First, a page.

Indian Journal of Animal Research

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​Effects of Lysine and Methionine Concentration in Diet on Performance, Slaughter Variables and Serum Biochemical Profile in Slow Growing Chicks fed Rice Based Distillery Dried Grain with Solubles

 

M.V.L.N. Raju1,*, B. Prakash1, S.V. Rama Rao1, A. Kannan1, S.S. Paul1
1ICAR-Directorate of Poultry Research, Rajendranagar, Hyderabad- 500 030, Telangana, India.
Background: The feeding value of rice-distillery dried grain with solubles (r-DDGS) for dual-purpose chicks was assessed in two feeding experiments.

Methods: Day-old Srinidhi chicks (n=360) were divided into 6 equal groups with 10 replicates of 6 chicks each and fed r-DDGS at 0 or 15% in diet alongwith normal (100%) or higher (110 and 120%) concentration of lysine (Lys) and methionine (Met) individually (experiment 1). In the 2nd experiment, day-old Vanaraja chicks (n=390) were divided into 5 equal groups with 13 replicates of 6 chicks each and fed r-DDGS at 0 or 15% in diet alongwith normal (100%) or higher (110%) concentration of Lys and Met, either individually or in combination. 

Result: Rice-DDGS significantly (P<0.05) depre<ssed body weight (BW), which was totally countered by Met at 110% concentration (expt. 1). In the expt. 2, r-DDGS showed no effect on BW and FCR, except at 4 weeks, where FCR was similar in the control and the 110% Met groups. Abdominal fat content decreased in the r-DDGS groups with excess Met concentration (110%) in diet. It is concluded that Met in excess (110%) of normal concentration enabled inclusion of r-DDGS at 15% in the diet of dual-purpose chicks.
Rice-based distillers dried grain with solubles (r-DDGS) is a potential alternate protein source for use in the poultry diet. Corn-DDGS has been found to be a good source of protein in the diet of chickens (Raju et al., 2012). Rice-based DDGS (r-DDGS), on the other hand, is less researched upon, though it is a good source of protein (48.4% CP) (Dey et al., 2019), amino acids (Xue et al., 2012) and other nutrients.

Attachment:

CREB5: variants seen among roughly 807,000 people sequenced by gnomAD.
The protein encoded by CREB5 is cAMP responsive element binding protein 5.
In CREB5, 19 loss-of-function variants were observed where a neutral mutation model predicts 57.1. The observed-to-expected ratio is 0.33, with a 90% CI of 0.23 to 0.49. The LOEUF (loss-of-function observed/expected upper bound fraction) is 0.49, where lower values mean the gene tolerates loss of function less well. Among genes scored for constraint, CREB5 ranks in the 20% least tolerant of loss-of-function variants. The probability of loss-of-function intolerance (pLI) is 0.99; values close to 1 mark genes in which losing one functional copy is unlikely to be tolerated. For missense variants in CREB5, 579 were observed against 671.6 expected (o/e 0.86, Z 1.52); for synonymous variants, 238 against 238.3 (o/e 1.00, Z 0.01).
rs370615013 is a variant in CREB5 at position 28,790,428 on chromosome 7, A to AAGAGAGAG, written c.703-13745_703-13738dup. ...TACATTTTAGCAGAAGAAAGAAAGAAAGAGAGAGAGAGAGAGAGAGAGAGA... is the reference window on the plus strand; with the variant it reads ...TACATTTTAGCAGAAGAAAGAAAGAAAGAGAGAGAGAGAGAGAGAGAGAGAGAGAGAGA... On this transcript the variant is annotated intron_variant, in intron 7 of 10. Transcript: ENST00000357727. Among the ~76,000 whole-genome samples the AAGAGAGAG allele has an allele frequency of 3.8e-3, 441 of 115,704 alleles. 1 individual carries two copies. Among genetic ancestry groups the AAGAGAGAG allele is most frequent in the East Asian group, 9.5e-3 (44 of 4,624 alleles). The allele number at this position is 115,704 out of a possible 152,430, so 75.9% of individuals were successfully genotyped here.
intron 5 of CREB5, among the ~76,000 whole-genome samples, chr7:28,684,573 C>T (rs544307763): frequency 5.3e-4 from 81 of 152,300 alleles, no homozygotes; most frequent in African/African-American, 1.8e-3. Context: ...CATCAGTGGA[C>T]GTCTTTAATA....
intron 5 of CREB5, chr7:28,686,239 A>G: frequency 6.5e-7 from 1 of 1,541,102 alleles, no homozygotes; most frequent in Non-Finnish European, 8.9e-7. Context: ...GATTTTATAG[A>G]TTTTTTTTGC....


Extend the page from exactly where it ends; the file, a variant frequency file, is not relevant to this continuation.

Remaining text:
In a previous study conducted at this lab, r-DDGS could be fed to Vanaraja chicks upto 10% in diet without affecting performance, while beneficial effects on performance were observed at 5% in diet (Raju et al., 2021). Similarly, in broiler chicken and layer chicken, r-DDGS was found safe at 10 and 7.5% in diet, respectively (Rama Rao et al., 2016; Singh et al., 2021), whereas 15% level significantly (P<0.05) depressed the layer performance (Rama Rao et al., 2016). Similar negative effects were observed with r-DDGS at 15% in broiler chicken (Dinani et al., 2018; 2019), while no detrimental effects were reported with 10% r-DDGS in laying chickens (Gupta et al., 2018). Besides, beneficial effects of r-DDGS on immunity were observed at moderate levels in broiler (Dinani et al., 2018) and layer (Gupta et al., 2017) diets.

Poor amino acid digestibility (Kim et al., 2009) has been considered the main limiting factor for using DDGS at higher levels in chicken diet. Supplementation of critical amino acids like lysine and methionine at additional levels to diets containing higher levels of DDGS may counter this reduced amino acid digestibility and thus improve performance of chickens. Unlike the corn-DDGS, no published report is available about the amino acid digestibility in r-DDGS. In the present study, the possible beneficial effects of supplementation of lysine and methionine over and above the normal allowances on dual-purpose chicks fed r-DDGS at a higher level (15%) were evaluated during the nursery phase of rearing.